Singlish

Singapore English usually come from other languages spoken in Singapore, especially Malay and Hokkien. Speakers of Singlish are not necessarily aware of which language they are from however.

Example:

  • habis - finished
  • makan - to eat
  • chope - to reserve something
  • cheem - difficult, complicated
  • ang mo - a white person
  • rojak - mixed, a mix of
  • liao - finished, the end
  • kiasu - afraid to lose mentality

Speakers of Singlish will usually end his sentence with a distinctive exclamation. The three most common are ah, lah, ley and what.

Examples:

  • OK lah, bye bye.
  • Don't like that lah.
  • You are going there ah?
  • No parking lots here, what.
  • The price is too high for me lah.
  • And then how many rooms ah?
  • It is very troublesome ley.
  • Don't be like that ley!
  • I'm not at home lah. That's why ah.
Related Page

   
Re: [need advice] I lost my job and my landlord is kicking me

zzm9980:
Assuming all appropriate taxes were paid to IRAS of course.

Re: [need advice] I lost my job and my landlord is kicking me

zzm9980:


If it was reported is it ok? I'm just curious because I always assumed this was not a problem as long as it was all private property and the owner paid tax, regardless of what kind of pass they were in the country on. I'd actually be shocked to learn if some EP holders weren't buying and renting out investment units.

Re: The first few days

Miss Swan:
We're sticking with public transport, thank you very much! Ha..! It is an absolute pleasure to go by public transport once you've experienced Australian's transport system. Routes, times and fees are a disgrace.

A quick update here. Research seems to be progressing well. I am finding PropertyGuru to be extremely handy and comprehensive. Gumtree looks fairly alright but looks slightly dodgy. I've shortlisted a few choice listings on PropertyGuru. My husband will stay in a hostel for 2 weeks or so and hopefully by then, sort out the accomodation.

Re: [need advice] I lost my job and my landlord is kicking me

kclarins:


Well, we get the idea he isn't the owner. He tells us that we always have to keep our doors locked because the owner wants to come over to check the place. We have no qualms with that -- we even mentioned that just set a time and we can have a chat with the owner. Never happened.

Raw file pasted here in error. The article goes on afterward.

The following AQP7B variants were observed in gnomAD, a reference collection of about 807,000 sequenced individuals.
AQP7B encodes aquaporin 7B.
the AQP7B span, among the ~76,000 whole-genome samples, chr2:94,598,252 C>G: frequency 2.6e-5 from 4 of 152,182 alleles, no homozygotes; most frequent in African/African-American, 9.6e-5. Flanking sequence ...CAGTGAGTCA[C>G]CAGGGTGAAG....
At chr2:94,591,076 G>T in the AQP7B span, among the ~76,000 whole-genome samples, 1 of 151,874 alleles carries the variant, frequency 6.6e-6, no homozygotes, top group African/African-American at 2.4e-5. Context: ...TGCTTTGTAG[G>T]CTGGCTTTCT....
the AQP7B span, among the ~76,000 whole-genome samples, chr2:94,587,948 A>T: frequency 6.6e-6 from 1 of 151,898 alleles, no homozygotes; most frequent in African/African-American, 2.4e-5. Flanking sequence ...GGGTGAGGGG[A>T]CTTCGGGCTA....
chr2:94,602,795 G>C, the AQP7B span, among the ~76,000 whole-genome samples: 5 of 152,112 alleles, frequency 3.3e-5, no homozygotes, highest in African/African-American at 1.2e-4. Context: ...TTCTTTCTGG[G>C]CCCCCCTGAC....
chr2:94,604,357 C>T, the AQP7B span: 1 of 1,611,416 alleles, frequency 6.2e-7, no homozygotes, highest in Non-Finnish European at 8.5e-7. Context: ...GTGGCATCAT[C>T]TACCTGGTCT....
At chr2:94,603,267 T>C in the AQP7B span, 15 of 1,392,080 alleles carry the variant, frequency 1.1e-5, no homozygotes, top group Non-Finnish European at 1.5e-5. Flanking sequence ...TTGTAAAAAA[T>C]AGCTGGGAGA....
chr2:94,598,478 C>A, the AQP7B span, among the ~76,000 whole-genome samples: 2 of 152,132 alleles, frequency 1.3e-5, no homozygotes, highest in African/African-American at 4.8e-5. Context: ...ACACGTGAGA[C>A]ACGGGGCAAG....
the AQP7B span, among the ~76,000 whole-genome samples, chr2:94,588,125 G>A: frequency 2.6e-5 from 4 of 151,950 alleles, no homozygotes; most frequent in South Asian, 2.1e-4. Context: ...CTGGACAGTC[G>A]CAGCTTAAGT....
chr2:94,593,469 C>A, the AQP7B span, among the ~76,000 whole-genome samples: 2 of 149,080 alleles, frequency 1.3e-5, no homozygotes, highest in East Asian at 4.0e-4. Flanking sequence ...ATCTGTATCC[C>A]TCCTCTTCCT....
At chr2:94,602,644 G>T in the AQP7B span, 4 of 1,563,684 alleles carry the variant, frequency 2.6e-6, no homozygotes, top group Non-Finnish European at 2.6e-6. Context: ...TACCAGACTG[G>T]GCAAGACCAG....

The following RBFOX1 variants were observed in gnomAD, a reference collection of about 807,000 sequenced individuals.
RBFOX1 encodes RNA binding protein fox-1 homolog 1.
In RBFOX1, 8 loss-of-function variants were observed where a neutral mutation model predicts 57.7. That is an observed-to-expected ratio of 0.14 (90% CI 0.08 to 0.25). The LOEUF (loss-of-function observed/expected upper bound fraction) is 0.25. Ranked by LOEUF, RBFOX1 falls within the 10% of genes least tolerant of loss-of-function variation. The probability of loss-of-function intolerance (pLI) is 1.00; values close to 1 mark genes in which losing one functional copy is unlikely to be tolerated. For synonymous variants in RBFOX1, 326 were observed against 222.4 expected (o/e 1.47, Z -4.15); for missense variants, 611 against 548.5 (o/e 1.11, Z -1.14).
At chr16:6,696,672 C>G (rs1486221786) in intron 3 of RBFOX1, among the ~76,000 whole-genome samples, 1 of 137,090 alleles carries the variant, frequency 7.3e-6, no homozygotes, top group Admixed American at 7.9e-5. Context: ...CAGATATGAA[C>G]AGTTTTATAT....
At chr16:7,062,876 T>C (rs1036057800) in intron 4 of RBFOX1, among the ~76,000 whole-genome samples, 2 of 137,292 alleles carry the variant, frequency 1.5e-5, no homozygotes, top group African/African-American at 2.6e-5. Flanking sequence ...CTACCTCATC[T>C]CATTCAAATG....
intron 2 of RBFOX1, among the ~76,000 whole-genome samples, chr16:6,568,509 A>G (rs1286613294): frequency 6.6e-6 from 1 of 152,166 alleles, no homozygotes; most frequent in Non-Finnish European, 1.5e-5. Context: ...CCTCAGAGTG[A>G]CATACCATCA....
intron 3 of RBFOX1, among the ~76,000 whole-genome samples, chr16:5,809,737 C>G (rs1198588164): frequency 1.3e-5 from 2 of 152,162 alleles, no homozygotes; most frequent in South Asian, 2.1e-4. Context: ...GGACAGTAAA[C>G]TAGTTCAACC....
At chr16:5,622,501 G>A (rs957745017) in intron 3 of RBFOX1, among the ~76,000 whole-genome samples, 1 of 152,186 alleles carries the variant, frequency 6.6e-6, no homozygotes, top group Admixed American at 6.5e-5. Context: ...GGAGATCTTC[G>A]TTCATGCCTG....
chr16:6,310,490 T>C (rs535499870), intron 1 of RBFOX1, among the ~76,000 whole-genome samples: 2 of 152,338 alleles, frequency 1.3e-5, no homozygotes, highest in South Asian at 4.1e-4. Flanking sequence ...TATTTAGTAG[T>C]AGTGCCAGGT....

There were only supposed to be four rooms (1 master, 2 other bedrooms, 1 storage) but he built a partition to have another room. When we complained, he said that we are only renting the rooms.

Re: Impossible to get appointment with ICA to apply for PR

the lynx:


Do you know this for a fact / observations / personal experience ?

More like a trend, rather than a fact.

If the popularity of getting PRs is sky-high, I wouldn't be surprised if you have to wait one year for a slot... So checking the website every day for last-minute cancellation is the best way to clinch an earlier slot.

Re: [need advice] I lost my job and my landlord is kicking me

bro75:
Is the person you refer to as the "landlord", the owner of the unit you are staying at?

Re: 26 / M / Looking for friends

paula.cidkelstein:
Hello again guys! the true is I don't know how 'meet-by-forum' works, so this is my Singaporean number if there anyone interested in join some day.
+65 84976616
See you
Paula

Re: 29 / M / German - Happy to meet new people

paula.cidkelstein:
Hello again guys! the true is I don't know how meet-by-forum works, so this is my Singaporean number if there anyone interested in join some day.
+65 84976616
See you :)
Paula

Re: [need advice] I lost my job and my landlord is kicking me

kclarins:

So I don't get this bit from you and SMS. If it is a private property (say condo), a foreigner can own it. Why can't they rent it (or a room) out? Is that explicitly prohibited?

Note that OP never said this was HDB. Later posts make me believe you're right for this case because of shadiness, but your statement here implies that all foreigners just cannot sublet a unit even if they own it.

I never said anything definitive---me using "believe" but OP's additional information reveals the landlord is as shady as f**k, legal or not.

I am renting a room in a condo, with a shared bathroom.

Thank you for your advice. I will be posting ads to look for someone to take over my lease.